Since 2006, diversity has become an important topic for Fatima, one that she engages in as part of her studies, her professional life, as well as her private life. In April 018, Fatima became part of the CDO team as Researcher/ Educator.  Her role within the team includes coordinating the peer-to-peer academic mentoring program ADP (Academic Diversity Program), which aims to create a space wherein the unique characteristics of each student are fully appreciated. Through focusing on the intersectionality of gender, culture, ethnicity, religion, mental and physical health, as well as socioeconomic background, Fatima hopes to add depth, understanding and relativisation to the ongoing conversation on diversity. From her own life and experiences, Fatima aims to function as a role model and experiential expert supporting students from diverse backgrounds to develop themselves to their full potential.
    For Fatima, diversity is a given, one that enables people to connect to and inspire each other; it is with this motivation that the Academic Diversity Program was established.

  • Alfrida (Alfie) Martis - researcher/educator

    Alfrida was born and raised on Bonaire. Since 2015, she has been part of various grassroot organisations dedicated to the democratization and decolonisation of education, including the University of Colour, New Urban Collective and Diversity Forum (formerly Diversity Contact Group).
    Within this network consisting of students, activists, and lecturers, she strives for inclusive and decolonial education. As an Afro-Bonairian woman, she is able to transform her personal experiences facing discrimination, racism and colonialism into valuable knowledge for her work. Alfie is currently finishing her Masters degree in Media Studies at the UvA. She is specializing in Digital Humanities and has a particular interest in how social media can be used to create ‘safe’ spaces for support, healing and decolonial education.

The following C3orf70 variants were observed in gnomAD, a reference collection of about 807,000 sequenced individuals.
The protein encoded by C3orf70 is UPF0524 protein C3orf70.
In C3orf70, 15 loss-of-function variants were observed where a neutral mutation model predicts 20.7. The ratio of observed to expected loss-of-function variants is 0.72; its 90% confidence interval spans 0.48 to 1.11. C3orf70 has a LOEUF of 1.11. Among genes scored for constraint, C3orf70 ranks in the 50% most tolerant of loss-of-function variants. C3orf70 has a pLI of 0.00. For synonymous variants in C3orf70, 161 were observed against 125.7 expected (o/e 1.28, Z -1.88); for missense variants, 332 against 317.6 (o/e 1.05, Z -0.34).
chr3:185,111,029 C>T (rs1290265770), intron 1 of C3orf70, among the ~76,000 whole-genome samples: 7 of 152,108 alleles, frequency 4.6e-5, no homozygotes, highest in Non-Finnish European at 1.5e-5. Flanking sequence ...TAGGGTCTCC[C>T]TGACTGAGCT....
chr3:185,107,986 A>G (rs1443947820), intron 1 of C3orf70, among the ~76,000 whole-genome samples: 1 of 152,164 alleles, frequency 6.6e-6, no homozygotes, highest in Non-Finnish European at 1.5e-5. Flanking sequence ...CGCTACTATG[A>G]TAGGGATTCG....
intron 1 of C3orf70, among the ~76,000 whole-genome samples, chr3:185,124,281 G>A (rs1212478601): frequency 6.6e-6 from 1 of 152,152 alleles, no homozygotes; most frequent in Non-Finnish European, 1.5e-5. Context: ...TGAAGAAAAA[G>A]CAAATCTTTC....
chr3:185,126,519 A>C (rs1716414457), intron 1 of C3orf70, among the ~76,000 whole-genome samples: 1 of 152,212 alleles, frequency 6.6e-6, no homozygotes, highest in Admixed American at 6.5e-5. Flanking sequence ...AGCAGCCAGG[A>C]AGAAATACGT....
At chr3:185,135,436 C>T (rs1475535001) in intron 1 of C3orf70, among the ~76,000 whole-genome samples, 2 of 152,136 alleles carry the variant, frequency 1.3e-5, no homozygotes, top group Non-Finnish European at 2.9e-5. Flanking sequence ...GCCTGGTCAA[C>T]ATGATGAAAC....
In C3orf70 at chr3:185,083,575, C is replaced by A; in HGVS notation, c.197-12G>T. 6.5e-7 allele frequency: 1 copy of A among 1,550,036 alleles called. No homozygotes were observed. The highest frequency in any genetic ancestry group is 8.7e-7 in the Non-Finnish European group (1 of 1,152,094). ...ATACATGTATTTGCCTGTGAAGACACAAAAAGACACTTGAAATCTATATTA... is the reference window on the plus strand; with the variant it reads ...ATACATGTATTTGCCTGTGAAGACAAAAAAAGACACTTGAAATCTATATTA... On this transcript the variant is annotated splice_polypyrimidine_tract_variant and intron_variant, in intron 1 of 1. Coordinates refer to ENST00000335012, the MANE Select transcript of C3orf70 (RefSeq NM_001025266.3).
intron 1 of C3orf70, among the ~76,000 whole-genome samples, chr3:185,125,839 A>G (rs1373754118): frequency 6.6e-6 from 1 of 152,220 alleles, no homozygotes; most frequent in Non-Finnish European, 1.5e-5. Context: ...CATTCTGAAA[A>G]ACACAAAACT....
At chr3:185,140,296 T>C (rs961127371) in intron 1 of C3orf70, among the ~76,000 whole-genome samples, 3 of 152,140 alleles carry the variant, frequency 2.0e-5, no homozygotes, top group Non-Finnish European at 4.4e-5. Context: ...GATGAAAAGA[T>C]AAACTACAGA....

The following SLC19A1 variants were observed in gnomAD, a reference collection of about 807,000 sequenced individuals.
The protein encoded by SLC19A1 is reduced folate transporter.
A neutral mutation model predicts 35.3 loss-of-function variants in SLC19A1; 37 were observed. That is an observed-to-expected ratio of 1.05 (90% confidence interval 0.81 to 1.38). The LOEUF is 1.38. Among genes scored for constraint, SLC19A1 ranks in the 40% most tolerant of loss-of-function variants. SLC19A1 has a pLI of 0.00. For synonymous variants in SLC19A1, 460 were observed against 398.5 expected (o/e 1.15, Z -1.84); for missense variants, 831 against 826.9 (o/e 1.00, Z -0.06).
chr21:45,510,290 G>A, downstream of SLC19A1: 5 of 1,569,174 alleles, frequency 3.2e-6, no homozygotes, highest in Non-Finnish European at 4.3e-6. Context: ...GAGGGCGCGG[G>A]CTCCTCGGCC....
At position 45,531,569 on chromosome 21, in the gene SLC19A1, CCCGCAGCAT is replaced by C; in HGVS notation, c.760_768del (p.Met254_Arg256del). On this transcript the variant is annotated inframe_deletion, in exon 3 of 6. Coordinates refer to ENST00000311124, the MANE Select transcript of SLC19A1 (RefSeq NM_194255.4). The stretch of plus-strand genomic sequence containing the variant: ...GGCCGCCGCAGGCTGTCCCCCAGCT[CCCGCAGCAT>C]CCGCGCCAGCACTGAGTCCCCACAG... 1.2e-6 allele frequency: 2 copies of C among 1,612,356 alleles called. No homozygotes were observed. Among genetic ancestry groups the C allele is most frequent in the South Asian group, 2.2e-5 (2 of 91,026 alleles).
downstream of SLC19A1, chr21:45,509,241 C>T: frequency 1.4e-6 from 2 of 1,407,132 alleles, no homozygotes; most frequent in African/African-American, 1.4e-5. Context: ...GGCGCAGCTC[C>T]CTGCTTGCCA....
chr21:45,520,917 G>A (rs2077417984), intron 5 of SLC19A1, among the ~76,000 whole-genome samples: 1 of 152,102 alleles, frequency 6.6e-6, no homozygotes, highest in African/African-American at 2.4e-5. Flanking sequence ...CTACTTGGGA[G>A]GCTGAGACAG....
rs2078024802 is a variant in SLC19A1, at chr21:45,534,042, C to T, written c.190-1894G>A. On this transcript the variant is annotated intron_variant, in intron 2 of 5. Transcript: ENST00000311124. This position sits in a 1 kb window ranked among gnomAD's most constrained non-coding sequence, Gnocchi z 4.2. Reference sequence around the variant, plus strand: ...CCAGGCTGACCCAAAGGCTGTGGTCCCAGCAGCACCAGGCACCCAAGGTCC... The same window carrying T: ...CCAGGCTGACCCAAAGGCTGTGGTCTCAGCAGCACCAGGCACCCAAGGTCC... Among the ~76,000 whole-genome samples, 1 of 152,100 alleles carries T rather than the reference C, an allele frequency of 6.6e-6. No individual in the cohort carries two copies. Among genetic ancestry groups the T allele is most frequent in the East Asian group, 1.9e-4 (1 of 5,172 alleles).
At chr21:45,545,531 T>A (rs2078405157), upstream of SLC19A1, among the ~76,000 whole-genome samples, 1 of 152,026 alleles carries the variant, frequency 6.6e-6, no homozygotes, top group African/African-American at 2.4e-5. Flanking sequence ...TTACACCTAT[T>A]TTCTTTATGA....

Alfrida has been working with the CDO team since April 2018. Her tasks as Researcher/ Educator include conducting research on inclusive education practices, diversity literacy and tracking systems that can be used to enhance diversity and inclusivity at the UvA. She is also responsible for organising monthly events such as discussion evenings and panel discussions.

  • Tarim Nduma Flach - researcher/educator

    Tarim has been involved with initiatives and organisations dedicated to strengthening the position of vulnerable societal groups in the Netherlands since 2013. From Tarim’s own experiences as a queer transgender person of Dutch-Senegalese origin, they have mainly dedicated themselves to anti-racism and addressing cis- and heteronormativity. Since April 2018, they have been working as a Researcher/Educator for the CDO team. During their studies in Cultural Anthropology and Developmental Sociology, they have focused on how the exclusion and suppression of vulnerable people is shaped by colonial culture. As a student of a research Master in Archaeology, Heritage and Memory, and as Researcher/ Educator of the CDO team, Tarim hopes to contribute to a widespread awareness at the UvA regarding exclusion and discrimination, as well as how we can take action through learning to deal with differences in a respectful way. Within the team, Tarim is responsible for mapping different discussions and perspectives regarding diversity within the UvA, for the development of a shared and respectful vocabulary to make difference discussable, and for exploring various possibilities to support critical students and staff who work on diversity-related issues.